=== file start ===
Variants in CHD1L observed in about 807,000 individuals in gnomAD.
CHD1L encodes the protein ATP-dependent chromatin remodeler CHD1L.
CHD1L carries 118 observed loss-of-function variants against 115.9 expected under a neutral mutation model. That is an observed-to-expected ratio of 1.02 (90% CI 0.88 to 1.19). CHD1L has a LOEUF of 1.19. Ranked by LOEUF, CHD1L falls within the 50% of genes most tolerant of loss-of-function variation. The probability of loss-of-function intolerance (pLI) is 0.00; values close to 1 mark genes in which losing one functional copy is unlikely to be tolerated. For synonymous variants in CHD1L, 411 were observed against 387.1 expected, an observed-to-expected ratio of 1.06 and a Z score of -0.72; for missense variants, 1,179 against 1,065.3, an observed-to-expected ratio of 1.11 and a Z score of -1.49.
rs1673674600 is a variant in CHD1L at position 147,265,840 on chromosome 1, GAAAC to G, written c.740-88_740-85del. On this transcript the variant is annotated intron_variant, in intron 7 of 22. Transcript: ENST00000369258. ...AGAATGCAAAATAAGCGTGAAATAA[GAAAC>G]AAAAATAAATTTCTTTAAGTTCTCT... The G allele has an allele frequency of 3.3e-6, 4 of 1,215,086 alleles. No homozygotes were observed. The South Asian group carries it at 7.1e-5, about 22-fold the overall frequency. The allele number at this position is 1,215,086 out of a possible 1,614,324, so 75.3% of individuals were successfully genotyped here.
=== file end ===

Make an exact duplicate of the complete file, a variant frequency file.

Variants in CHD1L observed in about 807,000 individuals in gnomAD.
CHD1L encodes the protein ATP-dependent chromatin remodeler CHD1L.
CHD1L carries 118 observed loss-of-function variants against 115.9 expected under a neutral mutation model. That is an observed-to-expected ratio of 1.02 (90% CI 0.88 to 1.19). CHD1L has a LOEUF of 1.19. Ranked by LOEUF, CHD1L falls within the 50% of genes most tolerant of loss-of-function variation. The probability of loss-of-function intolerance (pLI) is 0.00; values close to 1 mark genes in which losing one functional copy is unlikely to be tolerated. For synonymous variants in CHD1L, 411 were observed against 387.1 expected, an observed-to-expected ratio of 1.06 and a Z score of -0.72; for missense variants, 1,179 against 1,065.3, an observed-to-expected ratio of 1.11 and a Z score of -1.49.
rs1673674600 is a variant in CHD1L at position 147,265,840 on chromosome 1, GAAAC to G, written c.740-88_740-85del. On this transcript the variant is annotated intron_variant, in intron 7 of 22. Transcript: ENST00000369258. ...AGAATGCAAAATAAGCGTGAAATAA[GAAAC>G]AAAAATAAATTTCTTTAAGTTCTCT... The G allele has an allele frequency of 3.3e-6, 4 of 1,215,086 alleles. No homozygotes were observed. The South Asian group carries it at 7.1e-5, about 22-fold the overall frequency. The allele number at this position is 1,215,086 out of a possible 1,614,324, so 75.3% of individuals were successfully genotyped here.